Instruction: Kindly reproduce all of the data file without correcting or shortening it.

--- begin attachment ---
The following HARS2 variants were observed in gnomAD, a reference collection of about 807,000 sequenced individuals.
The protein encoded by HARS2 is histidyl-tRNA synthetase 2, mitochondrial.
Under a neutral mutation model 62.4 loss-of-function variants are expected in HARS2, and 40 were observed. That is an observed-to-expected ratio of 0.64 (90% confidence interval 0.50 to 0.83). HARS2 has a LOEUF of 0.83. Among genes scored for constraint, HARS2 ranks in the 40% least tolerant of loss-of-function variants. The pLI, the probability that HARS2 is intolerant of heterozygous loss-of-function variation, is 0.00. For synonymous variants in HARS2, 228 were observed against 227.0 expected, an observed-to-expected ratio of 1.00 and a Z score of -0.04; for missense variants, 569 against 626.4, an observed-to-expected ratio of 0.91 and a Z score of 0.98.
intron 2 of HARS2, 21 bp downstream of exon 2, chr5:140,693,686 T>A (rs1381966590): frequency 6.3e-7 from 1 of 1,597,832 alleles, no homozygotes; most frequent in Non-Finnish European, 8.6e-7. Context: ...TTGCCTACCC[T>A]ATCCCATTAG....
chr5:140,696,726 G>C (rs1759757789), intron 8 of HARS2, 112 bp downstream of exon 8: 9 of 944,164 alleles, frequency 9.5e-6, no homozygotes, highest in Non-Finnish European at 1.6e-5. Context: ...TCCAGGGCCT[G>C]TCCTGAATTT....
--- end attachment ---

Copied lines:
The following HARS2 variants were observed in gnomAD, a reference collection of about 807,000 sequenced individuals.
The protein encoded by HARS2 is histidyl-tRNA synthetase 2, mitochondrial.
Under a neutral mutation model 62.4 loss-of-function variants are expected in HARS2, and 40 were observed. That is an observed-to-expected ratio of 0.64 (90% confidence interval 0.50 to 0.83). HARS2 has a LOEUF of 0.83. Among genes scored for constraint, HARS2 ranks in the 40% least tolerant of loss-of-function variants. The pLI, the probability that HARS2 is intolerant of heterozygous loss-of-function variation, is 0.00. For synonymous variants in HARS2, 228 were observed against 227.0 expected, an observed-to-expected ratio of 1.00 and a Z score of -0.04; for missense variants, 569 against 626.4, an observed-to-expected ratio of 0.91 and a Z score of 0.98.
intron 2 of HARS2, 21 bp downstream of exon 2, chr5:140,693,686 T>A (rs1381966590): frequency 6.3e-7 from 1 of 1,597,832 alleles, no homozygotes; most frequent in Non-Finnish European, 8.6e-7. Context: ...TTGCCTACCC[T>A]ATCCCATTAG....
chr5:140,696,726 G>C (rs1759757789), intron 8 of HARS2, 112 bp downstream of exon 8: 9 of 944,164 alleles, frequency 9.5e-6, no homozygotes, highest in Non-Finnish European at 1.6e-5. Context: ...TCCAGGGCCT[G>C]TCCTGAATTT....